COLUMBUS, Ohio — The destruction of evidence ordered in the case of the rape and killing of an expectant mother was likely justified by harm that could occur if the material became public, according to legal experts. That's despite a move toward preserving more evidence as a possible tool for exoneration, especially involving DNA.
At issue are photos and audio and video recordings collected in the investigation into the 2012 death of Deanna Ballman and her nearly full-term child at the hands of a doctor convicted of killing her with a heroin overdose.
Delaware County Judge Duncan Whitney approved a prosecutor's request late last year to destroy the evidence once the case is wrapped up. The case is open while defendant Ali Salim appeals his 36-year sentence and a wrongful death lawsuit against him proceeds.
The evidence was obscene because its purpose was to arouse lust, assistant Delaware County prosecutor Kyle Rohrer argued in a December court filing.
"The dominant appeal of all the material is to the prurient interest," Rohrer said. "It displays nudity in a way that tends to represent human beings as mere objects of sexual appetite. Some of the material further displays extreme and bizarre violence and cruelty."
The material also violates Ohio voyeurism law, Rohrer said. That statute prohibits individuals from spying on people or recording them "for the purpose of sexually arousing or gratifying the person's self."
Investigators obtained videos of Salim assaulting a nude and unconscious Ballman, along with photos of Ballman, Rohrer's filing said.
Salim's lawyer didn't oppose the destruction of the files, saying no one was arguing the nature of the evidence. Instead, the issue is the effect of the evidence on Salim's sentence, which attorney Sam Shamansky argues is too harsh.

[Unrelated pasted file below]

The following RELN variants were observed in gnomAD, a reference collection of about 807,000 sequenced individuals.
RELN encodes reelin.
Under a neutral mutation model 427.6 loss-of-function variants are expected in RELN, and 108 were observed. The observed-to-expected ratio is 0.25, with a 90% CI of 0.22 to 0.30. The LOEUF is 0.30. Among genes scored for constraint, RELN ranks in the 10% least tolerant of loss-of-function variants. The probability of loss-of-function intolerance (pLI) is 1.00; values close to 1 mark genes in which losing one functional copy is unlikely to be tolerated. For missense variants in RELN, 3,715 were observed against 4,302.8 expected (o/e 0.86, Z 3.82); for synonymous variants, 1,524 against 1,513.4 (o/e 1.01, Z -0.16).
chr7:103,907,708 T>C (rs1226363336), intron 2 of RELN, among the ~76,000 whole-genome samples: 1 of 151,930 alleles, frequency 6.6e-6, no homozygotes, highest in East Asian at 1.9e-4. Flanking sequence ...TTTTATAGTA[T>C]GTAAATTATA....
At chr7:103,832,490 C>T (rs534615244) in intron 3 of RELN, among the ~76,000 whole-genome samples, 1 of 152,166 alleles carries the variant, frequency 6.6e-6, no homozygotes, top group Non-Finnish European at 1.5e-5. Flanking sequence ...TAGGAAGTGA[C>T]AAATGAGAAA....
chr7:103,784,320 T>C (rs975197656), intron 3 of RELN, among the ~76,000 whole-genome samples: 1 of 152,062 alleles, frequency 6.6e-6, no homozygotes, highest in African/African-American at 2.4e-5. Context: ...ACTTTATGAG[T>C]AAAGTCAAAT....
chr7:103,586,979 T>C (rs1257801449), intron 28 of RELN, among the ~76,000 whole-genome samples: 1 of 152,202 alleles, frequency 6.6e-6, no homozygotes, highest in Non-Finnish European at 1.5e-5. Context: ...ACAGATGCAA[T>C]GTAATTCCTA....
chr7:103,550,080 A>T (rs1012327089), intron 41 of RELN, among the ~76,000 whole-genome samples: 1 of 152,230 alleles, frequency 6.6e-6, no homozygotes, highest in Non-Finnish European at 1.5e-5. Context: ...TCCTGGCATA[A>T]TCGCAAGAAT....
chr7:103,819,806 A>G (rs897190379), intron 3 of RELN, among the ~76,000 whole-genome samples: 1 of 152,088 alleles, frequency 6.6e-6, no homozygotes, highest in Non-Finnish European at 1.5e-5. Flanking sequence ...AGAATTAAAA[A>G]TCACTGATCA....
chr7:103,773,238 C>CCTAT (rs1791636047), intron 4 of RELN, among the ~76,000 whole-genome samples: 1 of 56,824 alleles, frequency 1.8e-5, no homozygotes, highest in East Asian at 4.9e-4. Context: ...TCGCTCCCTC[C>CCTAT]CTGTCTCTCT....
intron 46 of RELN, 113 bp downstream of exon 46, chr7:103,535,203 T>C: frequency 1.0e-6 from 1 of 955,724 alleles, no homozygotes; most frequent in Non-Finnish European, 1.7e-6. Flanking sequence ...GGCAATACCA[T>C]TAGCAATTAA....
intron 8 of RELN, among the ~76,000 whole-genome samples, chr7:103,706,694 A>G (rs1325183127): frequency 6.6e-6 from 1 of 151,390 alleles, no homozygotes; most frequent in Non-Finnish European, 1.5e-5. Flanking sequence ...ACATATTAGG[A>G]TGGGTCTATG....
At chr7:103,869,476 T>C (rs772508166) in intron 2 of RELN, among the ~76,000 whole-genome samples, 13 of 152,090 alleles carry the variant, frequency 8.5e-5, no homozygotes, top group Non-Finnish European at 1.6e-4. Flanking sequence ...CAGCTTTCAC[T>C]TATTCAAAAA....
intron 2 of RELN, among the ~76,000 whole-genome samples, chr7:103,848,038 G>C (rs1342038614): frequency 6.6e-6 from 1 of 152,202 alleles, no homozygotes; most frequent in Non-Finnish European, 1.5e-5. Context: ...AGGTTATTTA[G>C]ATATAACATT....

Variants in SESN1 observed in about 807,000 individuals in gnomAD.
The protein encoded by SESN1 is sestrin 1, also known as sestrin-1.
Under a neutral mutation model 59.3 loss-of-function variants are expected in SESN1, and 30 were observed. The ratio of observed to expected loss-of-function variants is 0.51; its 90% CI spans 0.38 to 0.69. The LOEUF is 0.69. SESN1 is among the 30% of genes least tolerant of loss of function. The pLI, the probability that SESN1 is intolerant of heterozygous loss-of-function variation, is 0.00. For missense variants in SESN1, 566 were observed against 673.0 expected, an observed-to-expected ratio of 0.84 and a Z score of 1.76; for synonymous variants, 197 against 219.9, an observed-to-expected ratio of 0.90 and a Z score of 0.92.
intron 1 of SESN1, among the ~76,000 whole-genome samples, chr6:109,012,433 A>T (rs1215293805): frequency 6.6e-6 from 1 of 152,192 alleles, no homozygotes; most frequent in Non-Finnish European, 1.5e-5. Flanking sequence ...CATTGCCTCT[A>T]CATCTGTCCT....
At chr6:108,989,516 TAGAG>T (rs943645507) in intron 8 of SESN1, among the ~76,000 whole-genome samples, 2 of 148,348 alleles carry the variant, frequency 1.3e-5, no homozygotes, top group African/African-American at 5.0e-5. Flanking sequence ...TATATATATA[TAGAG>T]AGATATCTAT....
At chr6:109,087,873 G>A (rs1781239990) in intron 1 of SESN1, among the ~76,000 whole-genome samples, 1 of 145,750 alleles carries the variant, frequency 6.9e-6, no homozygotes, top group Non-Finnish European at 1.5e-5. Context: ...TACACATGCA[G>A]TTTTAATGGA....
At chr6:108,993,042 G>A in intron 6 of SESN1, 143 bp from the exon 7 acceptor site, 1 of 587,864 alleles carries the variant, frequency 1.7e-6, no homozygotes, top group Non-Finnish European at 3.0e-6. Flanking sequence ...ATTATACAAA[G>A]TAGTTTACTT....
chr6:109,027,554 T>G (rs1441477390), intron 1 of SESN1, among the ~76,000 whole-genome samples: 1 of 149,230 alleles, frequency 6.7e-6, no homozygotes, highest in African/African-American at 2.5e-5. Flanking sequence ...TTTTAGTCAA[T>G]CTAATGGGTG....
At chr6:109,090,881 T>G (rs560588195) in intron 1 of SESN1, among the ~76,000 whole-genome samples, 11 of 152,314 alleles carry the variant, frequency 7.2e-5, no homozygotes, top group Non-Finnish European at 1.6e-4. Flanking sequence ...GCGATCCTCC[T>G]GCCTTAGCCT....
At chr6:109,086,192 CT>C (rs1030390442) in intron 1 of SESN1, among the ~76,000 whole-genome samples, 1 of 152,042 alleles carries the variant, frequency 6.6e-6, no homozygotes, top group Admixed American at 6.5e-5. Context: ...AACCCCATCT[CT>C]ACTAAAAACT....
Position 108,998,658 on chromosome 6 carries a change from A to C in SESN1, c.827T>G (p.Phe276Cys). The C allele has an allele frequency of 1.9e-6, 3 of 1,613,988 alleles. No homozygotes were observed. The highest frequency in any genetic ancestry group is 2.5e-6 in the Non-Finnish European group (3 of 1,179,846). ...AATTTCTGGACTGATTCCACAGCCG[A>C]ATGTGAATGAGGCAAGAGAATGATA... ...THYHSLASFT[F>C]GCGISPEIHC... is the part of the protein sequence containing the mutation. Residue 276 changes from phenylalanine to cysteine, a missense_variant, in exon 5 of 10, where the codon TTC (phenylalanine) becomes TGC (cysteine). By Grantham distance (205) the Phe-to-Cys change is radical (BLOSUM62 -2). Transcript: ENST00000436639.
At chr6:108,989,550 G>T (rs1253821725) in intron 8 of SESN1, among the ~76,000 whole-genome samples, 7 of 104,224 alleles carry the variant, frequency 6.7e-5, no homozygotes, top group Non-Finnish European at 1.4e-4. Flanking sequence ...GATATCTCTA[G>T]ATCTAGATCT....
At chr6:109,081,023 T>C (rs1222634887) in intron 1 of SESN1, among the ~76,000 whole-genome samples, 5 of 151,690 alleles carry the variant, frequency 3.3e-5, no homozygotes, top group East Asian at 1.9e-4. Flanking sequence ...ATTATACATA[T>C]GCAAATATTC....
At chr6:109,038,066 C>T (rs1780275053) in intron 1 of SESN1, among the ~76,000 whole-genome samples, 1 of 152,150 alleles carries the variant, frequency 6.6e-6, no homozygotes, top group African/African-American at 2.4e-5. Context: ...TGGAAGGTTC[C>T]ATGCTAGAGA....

"There's no value to us in having that evidence maintained," Shamansky said.
Ohio law requires that biological evidence be preserved forever in any unsolved murder cases. The evidence has to be maintained for 30 years for sexual crimes including rape and for killings that involve less serious charges.
State law leaves the destruction of other types of evidence up to judges.
The Ohio attorney general's office has identified hundreds of DNA matches in recent analyses of untested rape kits being submitted by investigators around the state.
Preserving evidence in criminal cases should be the norm, but the justifiable fear in a digital world of the material being released must be considered, said Doug Berman, a law professor at Ohio State University.
"You preserve any of this stuff, who knows not only who get their hands on it, but who knows who is eager to misuse this material for whatever potential criminal purpose," he said.
There could be a concern down the road if Salim were to argue his current attorney gave him bad advice, though that's hard to prove in cases involving a guilty plea, said Kevin McMunigal, a Case Western University criminal law professor and former prosecutor.
"Since both lawyers, prosecution and defense, have agreed to the destruction and it won't take place until after civil litigation is resolved it seems uncontroversial," he said in an email.
Andrew Welsh-Huggins can be reached on Twitter at https://twitter.com/awhcolumbus.